Alan Wakeman’s short film “Motor Car Madness”, produced in 1970,┬ácomes to Bike Walk Tulsa’s attention via David Hembrow, a U.K.-born Dutch cyclist, whose blog “A view from the cycle path” claims Dutch people cycle more than those in other countries due to the Dutch cycling infrastructure that completely separates bikes and cars.

Circle Saves The Square?

Would pedestrian-only streets work in Tulsa? What would it be like if certain areas of downtown were off-limits to cars? The pedestrian street idea was already tried once in Tulsa with Bartlett Square at the location of 5th and Main, where the Bartlett Fountain now sits boarded up in the middle of a traffic circle as a result of being hit and destroyed multiple times by drunk drivers.

Why was Bartlett Square unsuccessful? Or was it successful? Why was it removed, replaced with a traffic circle and opened back up to motor vehicles? Did the circle save the square? Have sales for merchants in Bartlett “Circle” increased now that motor vehicles can drive through? It would be interesting to know what portion of sales for business owners in that area today come from people on foot or people who drove and parked within the boundaries of the old pedestrian-only square.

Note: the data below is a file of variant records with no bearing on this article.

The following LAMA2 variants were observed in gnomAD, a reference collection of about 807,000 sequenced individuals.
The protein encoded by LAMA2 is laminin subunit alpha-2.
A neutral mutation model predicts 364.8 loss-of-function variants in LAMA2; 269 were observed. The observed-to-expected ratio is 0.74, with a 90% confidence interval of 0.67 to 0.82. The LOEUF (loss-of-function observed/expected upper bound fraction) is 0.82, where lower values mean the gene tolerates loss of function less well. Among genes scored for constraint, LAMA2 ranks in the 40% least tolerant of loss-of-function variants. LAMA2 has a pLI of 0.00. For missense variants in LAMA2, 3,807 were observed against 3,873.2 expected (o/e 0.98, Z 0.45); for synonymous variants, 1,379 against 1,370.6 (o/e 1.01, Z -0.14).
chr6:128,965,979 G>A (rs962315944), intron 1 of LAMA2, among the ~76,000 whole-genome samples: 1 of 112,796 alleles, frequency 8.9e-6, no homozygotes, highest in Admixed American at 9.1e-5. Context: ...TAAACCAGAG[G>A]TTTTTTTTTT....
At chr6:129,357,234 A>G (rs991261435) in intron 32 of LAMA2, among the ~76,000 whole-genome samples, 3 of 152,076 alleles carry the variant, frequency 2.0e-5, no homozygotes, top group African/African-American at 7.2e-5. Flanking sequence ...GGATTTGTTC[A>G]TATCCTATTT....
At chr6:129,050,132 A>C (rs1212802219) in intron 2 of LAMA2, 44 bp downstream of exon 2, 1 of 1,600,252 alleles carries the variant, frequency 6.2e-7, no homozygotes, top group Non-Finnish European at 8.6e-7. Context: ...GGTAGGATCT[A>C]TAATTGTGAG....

Bartlett Square Today The return of motor vehicles has obviously breathed new life into Bartlett Square.

Would pedestrian streets work in an entertainment district like the Blue Dome or the Brady District? How about Cherry Street or Brookside? What about the Pearl District?

What if Tulsa had a true bike share system with stations strategically located next to both parking areas and pedestrian-only streets so people could park on the perimeter of an entertainment district and then walk or ride a bike the last few blocks to their final destination?

Can pedestrian streets be successful in a state like Oklahoma that ranks #1 in the U.S. for adult obesity growth rate? Will Tulsans walk or bike a few blocks if they cannot park at the front door of their destination? Or are Tulsans too far gone in their sedentary lifestyles?